Takeaways – Hon. Laurent Fabius

Introduction

The Hon. Laurent Fabius, President of the Constitutional Council of France and former Prime Minister of France delivered a lecture at the Lakshman Kadirgamar Institute on 14 February 2017 on Europe and the International Order, Post-Brexit. The Hon. Mangala Samaraweera, Minister of Foreign Affairs of Sri Lanka and Chairman of LKI made the introductory address.

Key Takeaways

  • The Hon. Laurent Fabius observed the growing ‘Euroscepticism’ in Europe, and how this has led to mistrust in the European Union (EU)’s capacity to take concrete action.
  • Mr. Fabius stated that, in his view, Brexit is a ‘lose-lose’ situation for both the UK and Europe, resulting in three types of uncertainties and possible divisions.
    • First, Brexit begins a period of uncertainty as to how a state formally exits the EU, including its rules on customs, border control, residency and rights. This uncertainty is particularly damaging for the economic sector.
    • Second, Brexit could also jeopardise unity within the UK. Scotland and Northern Ireland voted to remain as part of the EU, while the UK as a whole voted for Brexit. Scotland may push for another referendum to stay within the EU.
    • Third, there may be changes to the international order, as the UK could modify its position towards NATO and the UN Security Council, and will probably strengthen its ties to the U.S. The EU’s relative weight in the G8 and G20 may be weakened without the UK.
  • With regard to Europe in particular, Mr. Fabius presented three possible post-Brexit scenarios:
    • A ‘soft Brexit’ – where the UK could leave the single market without cutting its access to the European Market; similar to the position of Norway and Switzerland.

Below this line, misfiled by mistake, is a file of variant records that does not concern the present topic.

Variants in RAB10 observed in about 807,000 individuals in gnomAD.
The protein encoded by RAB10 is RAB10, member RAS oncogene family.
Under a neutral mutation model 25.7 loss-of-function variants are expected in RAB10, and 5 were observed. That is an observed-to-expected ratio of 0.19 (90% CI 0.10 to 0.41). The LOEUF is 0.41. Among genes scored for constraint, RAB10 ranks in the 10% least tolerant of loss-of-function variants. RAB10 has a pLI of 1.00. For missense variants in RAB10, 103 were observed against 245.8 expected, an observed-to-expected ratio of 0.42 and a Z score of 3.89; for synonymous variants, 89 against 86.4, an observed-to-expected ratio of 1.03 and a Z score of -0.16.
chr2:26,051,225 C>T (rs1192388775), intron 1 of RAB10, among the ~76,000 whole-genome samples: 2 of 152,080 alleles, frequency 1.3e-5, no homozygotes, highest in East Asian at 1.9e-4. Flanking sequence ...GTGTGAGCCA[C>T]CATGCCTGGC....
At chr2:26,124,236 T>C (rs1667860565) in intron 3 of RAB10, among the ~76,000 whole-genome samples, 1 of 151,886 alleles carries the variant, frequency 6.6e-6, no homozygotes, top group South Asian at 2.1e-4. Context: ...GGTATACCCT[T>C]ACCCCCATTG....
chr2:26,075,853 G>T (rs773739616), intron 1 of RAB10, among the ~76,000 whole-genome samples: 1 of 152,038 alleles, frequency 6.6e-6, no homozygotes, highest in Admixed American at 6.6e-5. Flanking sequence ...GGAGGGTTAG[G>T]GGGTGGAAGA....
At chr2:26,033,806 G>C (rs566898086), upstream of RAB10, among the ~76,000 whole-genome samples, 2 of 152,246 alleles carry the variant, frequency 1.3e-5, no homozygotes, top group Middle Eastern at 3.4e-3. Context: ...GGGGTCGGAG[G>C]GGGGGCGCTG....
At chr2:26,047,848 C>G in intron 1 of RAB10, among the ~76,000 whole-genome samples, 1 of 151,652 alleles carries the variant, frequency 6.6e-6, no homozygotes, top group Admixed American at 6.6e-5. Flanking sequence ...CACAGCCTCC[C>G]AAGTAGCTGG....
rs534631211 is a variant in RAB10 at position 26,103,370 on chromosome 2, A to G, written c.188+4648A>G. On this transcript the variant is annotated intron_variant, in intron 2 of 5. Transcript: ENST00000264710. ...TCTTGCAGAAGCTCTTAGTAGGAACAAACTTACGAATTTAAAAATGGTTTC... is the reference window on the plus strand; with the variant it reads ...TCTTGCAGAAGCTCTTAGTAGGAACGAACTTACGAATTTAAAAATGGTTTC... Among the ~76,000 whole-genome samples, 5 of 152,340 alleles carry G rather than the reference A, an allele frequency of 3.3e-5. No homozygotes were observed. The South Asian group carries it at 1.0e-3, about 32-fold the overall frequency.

• A ‘hard Brexit’ – where the UK would totally break from the EU’s system of law and adopt new national legislation to fill in the gaps.
    • An ‘uncertain Brexit’ – where the absence of the UK would lead to the remaining 27 European member states going in different and contradictory directions.
  • Mr. Fabius also elaborated on the scheme of an ‘Europe of Three Circles’, to build a coherent union of 27 countries. The scheme would establish a differentiated Europe which would allow the most willing countries to advance together at the same pace, without obstacles from countries that are not ready for greater integration. The ‘Europe of Three Circles’ scheme would involve:
    • A ‘First Circle’ – uniting countries that are willing to forge deep economic and social integration. This smaller group of countries would manage their economies together and develop the institutional, financial and legal mechanisms needed for close integration.
    • A ‘Second Circle’ – comprising all 27 member states of the EU; some of whom could gradually integrate into the First Circle, at their own pace.
    • A ‘Third Circle’ – which would be open to countries that are geographically close to the Europe but are not members of EU, such as Turkey.
  • Mr. Fabius highlighted that the architecture of this scheme would be advantageous in bridging the need to uphold the values of Europe, on the one hand, and the growing sense of Euroscepticism, on the other.
  • Mr. Fabius observed that Europe continues to be a leading economic partner of Sri Lanka, absorbing nearly one third of Sri Lanka’s exports and providing a major source of financing for Sri Lanka’s infrastructure. He also stated that Europe is devising a plan to allocate more than 250 million Euros for new projects in Sri Lanka by the year 2020.
  • He noted that the EU lifted its embargo on Sri Lanka’s fisheries products last year, and that the European Commission this year recommended the renewal of GSP+, stating that there is “every reason to believe” that the recommendation will be adopted.

Click here to listen to the lecture.

Click here to read the transcript of the lecture.

Year:

  • 2017

Author:

  • Rapti Ratnayake and Yasodha Rathnayake

Languages:

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